Turkey and Russia divide the loot in Libya: EU and US further offside

The European Union calls on the warring parties in Libya to immediately end hostilities and to strictly comply with the UN arms embargo. "There is no military solution in Libya," said EU foreign chief Josep Borrell and the foreign ministers of France, Germany, Italy and Great Britain.

Tensions in Libya are now at warlord Khalifa Haftar, who is fighting the internationally recognized government in Tripoli, reported Monday that his troops have overrun Sirte. According to their own words, pro-government militias left the strategically important coastal city on Tuesday to prevent unnecessary bloodshed.

The Turkish plans to provide military aid to the Libyan government will only increase instability in the country. The conviction of Italy, the United Kingdom, France, Germany and the foreign minister of the European Union, Josep Borrel, comes one day after the first Turkish troops left for Libya.

President Erdogan received permission from the Turkish parliament last Thursday to send troops to Libya, including military experts and trainers. There Erdogan wants to help keep the Libyan capital Tripoli out of the hands of warlord Khalifa Haftar.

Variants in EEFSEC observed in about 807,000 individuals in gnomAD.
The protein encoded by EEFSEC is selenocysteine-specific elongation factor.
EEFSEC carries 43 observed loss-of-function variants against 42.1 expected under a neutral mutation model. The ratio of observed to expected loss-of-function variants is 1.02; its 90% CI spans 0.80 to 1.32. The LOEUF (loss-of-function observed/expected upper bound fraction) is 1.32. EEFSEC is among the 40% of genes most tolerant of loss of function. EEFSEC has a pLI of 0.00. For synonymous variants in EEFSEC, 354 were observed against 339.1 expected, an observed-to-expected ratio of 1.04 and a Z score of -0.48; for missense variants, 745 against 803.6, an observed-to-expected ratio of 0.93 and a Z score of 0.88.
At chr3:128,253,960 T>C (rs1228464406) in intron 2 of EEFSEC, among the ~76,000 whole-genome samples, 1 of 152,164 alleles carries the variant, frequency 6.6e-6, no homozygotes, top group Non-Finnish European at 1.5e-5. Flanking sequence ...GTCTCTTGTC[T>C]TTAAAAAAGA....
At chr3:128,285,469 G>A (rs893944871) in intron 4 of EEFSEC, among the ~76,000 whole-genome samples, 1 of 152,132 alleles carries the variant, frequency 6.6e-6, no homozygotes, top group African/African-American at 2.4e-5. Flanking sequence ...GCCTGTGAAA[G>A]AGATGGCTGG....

Since April, Haftar, supported by a Russian mercenary army, has been conducting an offensive against the UN-backed Libyan government. Earlier, similarly heavily armed Russian-speaking "men in green uniforms" appeared in conflicts in eastern Ukraine, Montenegro, and Transnistria. The Libisdche former general Haftar has now conquered most of Libya.

The battle entered a new phase on Monday after Haftar's Libyan National Army (LNA) took the strategically located northern port city of Sirte within three hours, partly as a salafist brigade fought for the government fled to Haftar and the Russians.

On Wednesday, Turkish President Erdogan visits his Russian counterpart Vladimir Putin. Although they each support a different side of the Libyan conflict, they may conclude an agreement on Libya. The two countries play an increasing role in the Libyan civil war.

If Ankara and Moscow conclude a deal, then Europe and the United States may be sidelined in the negotiations, just as was the case in Syria after an agreement between Turkey and Russia.

On Friday, the 28 EU foreign ministers will look into further steps. They also talk about developments in Iran, which says they are withdrawing from the atomic agreement.